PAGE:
Have you seen the amazing photography—all created by our own GMS students—displayed in the GMS office? If not, please stop by and enjoy these beautiful art works. One of the photographers is Daniel Dworkis, an MD/PhD student, who is not only passionate about science but balances his life with many activities such as photography, volunteering, etc. He sat down to share with us his perspectives on science, medicine, and the game rock, paper, scissors.
Q: So you’ve been doing some traveling recently? Can you tell us about where you’ve been and what you were doing there?
Yes, that’s right. I recently became involved with the Harvard Humanitarian Initiative and spent a month in Haiti working with that organization at the displaced persons camp Kam Lespwa / Klinik Lespwa (meaning camp or clinic of hope, respectively). It was an amazing experience that provided me with a unique opportunity to help people. Applying some of my lab experience in the field, I conducted some public health research, looking at different types of malnutrition present in the camp.
Q: What is one of your strongest memories from this experience?
Working with the children in the camp was amazing, and since I speak Haitian Kreyol, I was able to really interact directly with them. I would walk by a group of kids and they would be so surprised when they realized I actually understood them—my favorite part was trying to teach them the game ‘rock, paper, scissors,’ a game I’ve been playing since I was a kid. They really didn’t buy into the idea of paper beating rock, but that did not stop them from surrounding me and demanding to play every time I went by!
Q: How has this experience changed your perspective?
Being able to bring my research skills to Haiti and apply them in the field really reminded me of why I’m in this program: I worked alongside wonderful doctors and nurses who were trying to address the medical issues they saw, and by bringing my research skills to look at the public-health data we collected in a new way, I was able to expose some previously unrecognized trends and concerns. So I could really see how the PhD and MD parts of my training were working together. It also really solidified my desire to work for at least part of my career internationally, probably in post-disaster or refugee settings.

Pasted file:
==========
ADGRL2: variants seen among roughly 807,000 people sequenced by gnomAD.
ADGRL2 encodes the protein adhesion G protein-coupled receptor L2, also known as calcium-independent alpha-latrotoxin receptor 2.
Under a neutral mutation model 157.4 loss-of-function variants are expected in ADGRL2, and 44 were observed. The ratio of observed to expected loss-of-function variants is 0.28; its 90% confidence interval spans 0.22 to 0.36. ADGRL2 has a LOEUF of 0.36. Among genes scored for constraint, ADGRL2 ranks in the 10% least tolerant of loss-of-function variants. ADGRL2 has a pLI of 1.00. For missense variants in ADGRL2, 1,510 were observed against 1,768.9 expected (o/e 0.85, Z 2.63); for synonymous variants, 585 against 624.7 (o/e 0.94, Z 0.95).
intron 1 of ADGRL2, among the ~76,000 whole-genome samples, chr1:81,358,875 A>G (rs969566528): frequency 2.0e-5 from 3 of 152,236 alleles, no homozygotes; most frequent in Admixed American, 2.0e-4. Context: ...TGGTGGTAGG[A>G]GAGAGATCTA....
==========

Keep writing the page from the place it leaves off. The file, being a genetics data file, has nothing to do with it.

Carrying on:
Q: What program are you enrolled in and why did you choose this particular program?
I am an MD-PhD candidate in the Graduate Program in Molecular Medicine, researching factors affecting the severity of sickle cell anemia. After studying biophysics at Brown I began working at BU in the bioengineering department, and entered the MD-PhD program here intending to work on developing new bio-optic devices for research. However, during my first year of medical school, I went to a series of great talks focused on medicine and research in the setting of poverty both at home and abroad; the speakers posed some very challenging questions, and I realized I really wanted to devote a large part of my career to addressing both the bio-molecular and socio-economic etiologies of disease. Just before starting at BU, I had volunteered as a summer-camp counselor for kids with sickle cell anemia, and had seen first-hand the complex physiological and socio-economic havoc this genetic disorder wreaks. I was fortunate enough to be able to join the Center of Excellence in Sickle Cell Disease under the guidance of Dr. Martin Steinberg in the Program in Molecular Medicine. Currently, I’m researching how genetic variation modifies endothelial processing of inflammation in an effort to identify molecular pathways that might alter the severity of sickle cell disease.
Q: Why BUSM?
The mission of this school is extremely meaningful and congruent with my personal perspective. I am thrilled to work at an institution where the guiding principle is service for the underserved, and I see such a real passion here from the people I meet and work with. I also consider myself to be very fortunate to be in a place like BU that does so much to guide students toward reaching their goals, even when those goals include atypical things like temporarily leaving the laboratory to work in a displaced persons camp!
Q: So when you aren’t in the lab, what other activities are you involved in?
I am a co-leader of the emerging advocacy program here at BUSM. It is a 4-year comprehensive curriculum, from teaching advocacy for patients to changing national policy. As part of this curriculum, I am currently teaching a class with a couple of other students on how legal status effects healthcare. I love the challenge of teaching the class and the opportunity to work with so many talented and motivated individuals. I am also part of the advisory council of Massachusetts Housing and Shelter Alliance (www.MHSA.net), and have learned a tremendous amount from that organization about addressing larger-scale public-health issues. I also teach a kickboxing class, which I learned as a kid from my father (who actually trained with Chuck Norris). In my non-existent free time, I also enjoy include running, yoga, and, of course, photography.
It is clear that whatever Dan may face next, it is certain that he will excel. Beyond that, Dan is also challenging us to set an exceptional standard to care for others and strive for continued improvements and excellence.
By GMS student,